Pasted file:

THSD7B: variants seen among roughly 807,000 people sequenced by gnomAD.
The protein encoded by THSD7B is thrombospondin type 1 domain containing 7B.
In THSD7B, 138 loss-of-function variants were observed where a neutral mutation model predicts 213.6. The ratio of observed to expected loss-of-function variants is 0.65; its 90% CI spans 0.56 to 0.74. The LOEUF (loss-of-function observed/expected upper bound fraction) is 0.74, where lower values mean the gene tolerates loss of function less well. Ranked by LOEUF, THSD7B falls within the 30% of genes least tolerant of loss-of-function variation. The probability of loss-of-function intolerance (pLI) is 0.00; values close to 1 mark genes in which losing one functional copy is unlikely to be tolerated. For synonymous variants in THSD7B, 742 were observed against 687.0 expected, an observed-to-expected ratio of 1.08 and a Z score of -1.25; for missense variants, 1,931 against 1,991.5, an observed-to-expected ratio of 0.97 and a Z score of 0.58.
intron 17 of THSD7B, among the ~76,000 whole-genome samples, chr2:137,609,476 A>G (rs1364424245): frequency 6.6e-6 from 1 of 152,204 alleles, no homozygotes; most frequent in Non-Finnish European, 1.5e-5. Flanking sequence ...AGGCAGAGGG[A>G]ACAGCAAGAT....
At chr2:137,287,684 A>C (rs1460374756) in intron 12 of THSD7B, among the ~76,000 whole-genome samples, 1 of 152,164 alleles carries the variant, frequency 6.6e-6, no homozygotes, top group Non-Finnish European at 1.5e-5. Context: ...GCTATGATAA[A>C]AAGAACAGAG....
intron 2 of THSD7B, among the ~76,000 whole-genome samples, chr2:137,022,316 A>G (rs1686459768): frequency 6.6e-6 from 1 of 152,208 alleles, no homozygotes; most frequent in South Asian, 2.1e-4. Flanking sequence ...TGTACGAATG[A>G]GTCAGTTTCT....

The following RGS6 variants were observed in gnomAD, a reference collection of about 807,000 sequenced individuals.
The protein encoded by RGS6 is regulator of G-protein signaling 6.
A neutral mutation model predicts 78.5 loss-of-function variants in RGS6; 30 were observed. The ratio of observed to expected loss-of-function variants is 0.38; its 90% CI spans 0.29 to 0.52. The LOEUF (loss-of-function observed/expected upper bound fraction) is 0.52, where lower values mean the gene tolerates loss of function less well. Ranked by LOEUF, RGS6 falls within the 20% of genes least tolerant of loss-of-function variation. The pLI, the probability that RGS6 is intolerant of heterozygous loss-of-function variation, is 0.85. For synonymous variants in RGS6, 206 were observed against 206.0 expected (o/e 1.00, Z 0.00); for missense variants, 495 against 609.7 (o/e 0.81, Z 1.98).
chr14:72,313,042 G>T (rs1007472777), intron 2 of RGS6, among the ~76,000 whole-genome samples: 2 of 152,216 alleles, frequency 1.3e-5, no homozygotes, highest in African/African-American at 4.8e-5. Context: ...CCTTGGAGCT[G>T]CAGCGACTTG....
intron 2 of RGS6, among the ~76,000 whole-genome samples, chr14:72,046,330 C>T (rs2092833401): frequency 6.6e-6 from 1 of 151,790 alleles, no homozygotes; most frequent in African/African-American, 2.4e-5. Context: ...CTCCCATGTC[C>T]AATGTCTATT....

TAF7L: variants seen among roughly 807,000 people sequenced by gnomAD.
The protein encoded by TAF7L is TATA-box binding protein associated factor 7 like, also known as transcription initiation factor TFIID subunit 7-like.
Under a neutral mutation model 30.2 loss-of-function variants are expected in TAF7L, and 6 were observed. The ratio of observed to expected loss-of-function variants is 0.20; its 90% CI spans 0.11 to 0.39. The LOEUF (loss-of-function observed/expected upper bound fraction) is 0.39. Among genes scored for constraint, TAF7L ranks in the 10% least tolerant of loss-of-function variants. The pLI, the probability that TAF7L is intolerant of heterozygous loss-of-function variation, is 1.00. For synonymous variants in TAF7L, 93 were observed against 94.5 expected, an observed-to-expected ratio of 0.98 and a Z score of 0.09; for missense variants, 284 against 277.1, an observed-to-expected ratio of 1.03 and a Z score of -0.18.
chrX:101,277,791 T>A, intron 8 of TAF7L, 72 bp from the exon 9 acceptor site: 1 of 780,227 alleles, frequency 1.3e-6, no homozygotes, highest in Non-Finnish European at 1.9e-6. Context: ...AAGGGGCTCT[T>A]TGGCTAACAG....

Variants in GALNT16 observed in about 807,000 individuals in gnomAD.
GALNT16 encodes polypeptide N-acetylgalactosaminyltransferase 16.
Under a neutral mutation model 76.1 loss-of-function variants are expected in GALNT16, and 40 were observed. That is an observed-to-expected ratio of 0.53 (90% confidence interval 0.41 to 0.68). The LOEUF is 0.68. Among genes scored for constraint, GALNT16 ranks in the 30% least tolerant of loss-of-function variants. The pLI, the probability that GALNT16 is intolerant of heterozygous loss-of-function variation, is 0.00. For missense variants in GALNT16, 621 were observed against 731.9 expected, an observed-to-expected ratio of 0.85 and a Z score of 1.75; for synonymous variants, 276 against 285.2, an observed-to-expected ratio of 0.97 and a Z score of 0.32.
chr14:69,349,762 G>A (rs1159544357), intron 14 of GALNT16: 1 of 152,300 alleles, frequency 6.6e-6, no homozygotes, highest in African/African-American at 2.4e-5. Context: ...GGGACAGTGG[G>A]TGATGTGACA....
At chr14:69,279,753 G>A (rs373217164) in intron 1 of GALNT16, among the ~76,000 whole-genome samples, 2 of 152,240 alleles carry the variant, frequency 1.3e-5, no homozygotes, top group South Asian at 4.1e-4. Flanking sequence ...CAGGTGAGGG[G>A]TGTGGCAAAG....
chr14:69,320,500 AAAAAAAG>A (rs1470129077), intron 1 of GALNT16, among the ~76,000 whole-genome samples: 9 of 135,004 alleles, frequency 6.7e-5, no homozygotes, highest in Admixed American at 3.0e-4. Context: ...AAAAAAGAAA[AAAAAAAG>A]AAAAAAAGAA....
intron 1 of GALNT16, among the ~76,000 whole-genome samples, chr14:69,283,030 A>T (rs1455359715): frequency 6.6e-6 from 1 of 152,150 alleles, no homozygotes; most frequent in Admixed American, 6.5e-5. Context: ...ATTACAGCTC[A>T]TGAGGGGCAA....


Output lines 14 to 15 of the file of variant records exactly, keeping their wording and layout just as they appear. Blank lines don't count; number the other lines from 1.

Under a neutral mutation model 30.2 loss-of-function variants are expected in TAF7L, and 6 were observed. The ratio of observed to expected loss-of-function variants is 0.20; its 90% CI spans 0.11 to 0.39. The LOEUF (loss-of-function observed/expected upper bound fraction) is 0.39. Among genes scored for constraint, TAF7L ranks in the 10% least tolerant of loss-of-function variants. The pLI, the probability that TAF7L is intolerant of heterozygous loss-of-function variation, is 1.00. For synonymous variants in TAF7L, 93 were observed against 94.5 expected, an observed-to-expected ratio of 0.98 and a Z score of 0.09; for missense variants, 284 against 277.1, an observed-to-expected ratio of 1.03 and a Z score of -0.18.
chrX:101,277,791 T>A, intron 8 of TAF7L, 72 bp from the exon 9 acceptor site: 1 of 780,227 alleles, frequency 1.3e-6, no homozygotes, highest in Non-Finnish European at 1.9e-6. Context: ...AAGGGGCTCT[T>A]TGGCTAACAG....